This website uses cookies to manage authentication, navigation, and other functions. By using our website, you agree that we can place these types of cookies on your device.

GE' F414-GE-400 engine selected for South Korea KF-X fighter program

a
World Defense & Security Industry News - General Electric
 
 
GE' F414-GE-400 engine selected for South Korea KF-X fighter program
 
According to the korean news agency Yonhap, the U.S. company General Electric (GE) was selected on Thursday as the preferred bidder to supply engines for South Korea's next-generation fighter jets, Seoul's state arms procurement agency said. GE has been picked as the supplier for the Korean Fighter Experimental (KF-X) program, according to the Defense Acquisition Program Administration (DAPA).
     
GE F414 GE 400 engine selected for South Korea KF X fighter program 640 001GE has been selected to provide its F414 engine for South Korea's KF-X next-gen fighter program
     
European engine maker Eurojet Turbo GmbH and GE had been vying to become the engine provider for the 18 trillion won (US$15.3 billion) project that calls for building 120 locally made twin-engine combat jets.

Seoul aims to deploy the new planes starting in the mid-2020s to replace its aging jet fleet of F-4s and F-5s.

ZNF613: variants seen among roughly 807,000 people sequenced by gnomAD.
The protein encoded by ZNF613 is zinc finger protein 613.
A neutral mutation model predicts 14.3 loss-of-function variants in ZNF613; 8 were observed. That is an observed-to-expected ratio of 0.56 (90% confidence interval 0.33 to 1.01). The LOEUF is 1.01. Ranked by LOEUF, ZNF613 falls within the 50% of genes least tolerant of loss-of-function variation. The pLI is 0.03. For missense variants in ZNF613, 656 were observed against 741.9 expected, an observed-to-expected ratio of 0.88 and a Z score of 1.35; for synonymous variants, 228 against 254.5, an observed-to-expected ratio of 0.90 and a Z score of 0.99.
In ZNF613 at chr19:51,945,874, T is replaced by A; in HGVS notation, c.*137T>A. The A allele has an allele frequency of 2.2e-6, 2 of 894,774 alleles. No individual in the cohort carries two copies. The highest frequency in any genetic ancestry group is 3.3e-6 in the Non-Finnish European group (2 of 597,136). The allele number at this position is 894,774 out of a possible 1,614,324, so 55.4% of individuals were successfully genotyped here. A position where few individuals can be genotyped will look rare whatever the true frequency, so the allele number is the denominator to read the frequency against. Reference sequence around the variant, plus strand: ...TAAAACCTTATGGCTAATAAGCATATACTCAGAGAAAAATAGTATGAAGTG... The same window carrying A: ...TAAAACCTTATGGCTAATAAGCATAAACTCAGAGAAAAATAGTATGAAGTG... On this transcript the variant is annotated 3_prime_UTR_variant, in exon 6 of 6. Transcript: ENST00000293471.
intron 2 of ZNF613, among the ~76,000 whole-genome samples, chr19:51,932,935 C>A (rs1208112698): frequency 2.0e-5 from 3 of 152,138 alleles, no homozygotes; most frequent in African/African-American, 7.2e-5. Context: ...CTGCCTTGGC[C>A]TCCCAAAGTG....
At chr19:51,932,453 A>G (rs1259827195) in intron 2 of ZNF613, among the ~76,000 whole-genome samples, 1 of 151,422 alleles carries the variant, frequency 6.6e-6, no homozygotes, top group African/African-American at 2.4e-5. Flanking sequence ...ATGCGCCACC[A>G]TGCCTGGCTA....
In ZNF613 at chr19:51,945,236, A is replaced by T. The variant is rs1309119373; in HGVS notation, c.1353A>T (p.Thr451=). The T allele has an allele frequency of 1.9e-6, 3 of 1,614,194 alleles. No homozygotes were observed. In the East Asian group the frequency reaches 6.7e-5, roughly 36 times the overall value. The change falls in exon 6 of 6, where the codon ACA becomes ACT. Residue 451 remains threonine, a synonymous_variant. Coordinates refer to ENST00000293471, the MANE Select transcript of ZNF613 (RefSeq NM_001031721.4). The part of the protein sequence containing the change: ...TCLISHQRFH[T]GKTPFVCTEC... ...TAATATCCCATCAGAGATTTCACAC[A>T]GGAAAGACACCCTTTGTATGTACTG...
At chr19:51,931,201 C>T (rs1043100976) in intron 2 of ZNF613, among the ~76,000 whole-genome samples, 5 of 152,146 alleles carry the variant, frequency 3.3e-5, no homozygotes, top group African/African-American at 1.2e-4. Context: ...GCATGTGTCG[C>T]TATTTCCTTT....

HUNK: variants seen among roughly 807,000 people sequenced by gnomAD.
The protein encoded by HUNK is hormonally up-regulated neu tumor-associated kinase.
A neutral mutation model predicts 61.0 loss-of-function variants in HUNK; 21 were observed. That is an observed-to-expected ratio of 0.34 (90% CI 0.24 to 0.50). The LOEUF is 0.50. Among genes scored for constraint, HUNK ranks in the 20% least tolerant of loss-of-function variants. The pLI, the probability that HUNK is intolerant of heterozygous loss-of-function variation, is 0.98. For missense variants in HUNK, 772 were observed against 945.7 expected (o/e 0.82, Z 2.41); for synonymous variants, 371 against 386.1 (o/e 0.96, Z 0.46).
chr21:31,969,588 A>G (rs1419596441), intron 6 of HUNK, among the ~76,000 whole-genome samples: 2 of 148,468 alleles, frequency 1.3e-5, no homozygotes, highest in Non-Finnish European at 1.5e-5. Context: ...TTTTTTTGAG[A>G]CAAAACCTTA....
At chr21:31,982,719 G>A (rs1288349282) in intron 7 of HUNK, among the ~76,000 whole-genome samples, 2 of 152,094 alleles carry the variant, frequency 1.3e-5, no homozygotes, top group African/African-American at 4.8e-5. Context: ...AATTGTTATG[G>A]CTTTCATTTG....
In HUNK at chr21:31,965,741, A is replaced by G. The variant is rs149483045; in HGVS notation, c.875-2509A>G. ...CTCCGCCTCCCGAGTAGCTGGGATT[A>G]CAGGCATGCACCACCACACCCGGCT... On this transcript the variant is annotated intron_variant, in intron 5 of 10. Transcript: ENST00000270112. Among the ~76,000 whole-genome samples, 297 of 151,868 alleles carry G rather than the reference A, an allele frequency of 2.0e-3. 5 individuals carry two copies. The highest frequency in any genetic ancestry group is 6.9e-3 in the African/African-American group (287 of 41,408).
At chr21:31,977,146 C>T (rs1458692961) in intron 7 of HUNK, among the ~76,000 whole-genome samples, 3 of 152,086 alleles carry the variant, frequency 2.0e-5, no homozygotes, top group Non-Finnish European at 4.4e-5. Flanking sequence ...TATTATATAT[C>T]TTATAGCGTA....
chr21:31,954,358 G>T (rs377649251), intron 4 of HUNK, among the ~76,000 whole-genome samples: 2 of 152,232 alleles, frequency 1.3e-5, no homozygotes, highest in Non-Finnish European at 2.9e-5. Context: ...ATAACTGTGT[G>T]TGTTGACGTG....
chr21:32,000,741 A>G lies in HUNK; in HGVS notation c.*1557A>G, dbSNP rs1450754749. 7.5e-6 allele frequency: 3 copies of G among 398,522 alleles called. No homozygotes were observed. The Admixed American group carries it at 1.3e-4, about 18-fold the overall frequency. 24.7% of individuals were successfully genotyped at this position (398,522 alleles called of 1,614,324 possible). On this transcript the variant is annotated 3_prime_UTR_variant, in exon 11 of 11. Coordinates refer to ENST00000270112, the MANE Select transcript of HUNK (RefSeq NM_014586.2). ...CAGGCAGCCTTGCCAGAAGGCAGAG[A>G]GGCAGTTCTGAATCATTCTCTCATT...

The DAPA said that it plans to clinch a contract with GE next month after holding negotiations over the terms of the deal.

It earlier said that it will seek to finalize the basic designs for the plane by September next year and come up with a detailed design by January 2019.

As part of efforts to push for the project, the DAPA last month selected domestic defense manufacturer Hanwha Thales as a preferred bidder to produce an advanced radar system to be installed onto the fighter jets.

South Korea had initially planned to secure 25 fighter jet technologies from U.S. aerospace giant Lockheed Martin in an offset deal linked to Seoul's purchase of the company's 40 F-35 Lightning II fighters in 2014.

But the U.S. government refused last year to approve the export of four core technologies, forcing South Korea to find an alternative supplier or build them in-house.

The four technologies are those linked to an active electronically scanned radar array, infrared search and tracking system, electronics optics targeting pod and a radio frequency jammer.

South Korea has been speeding up the development of its home-grown missile defense systems set to be completed by 2023 -- Kill Chain and Korean Air and Missile Defense -- which could detect and intercept missiles coming from North Korea.

(Source: Yonhap)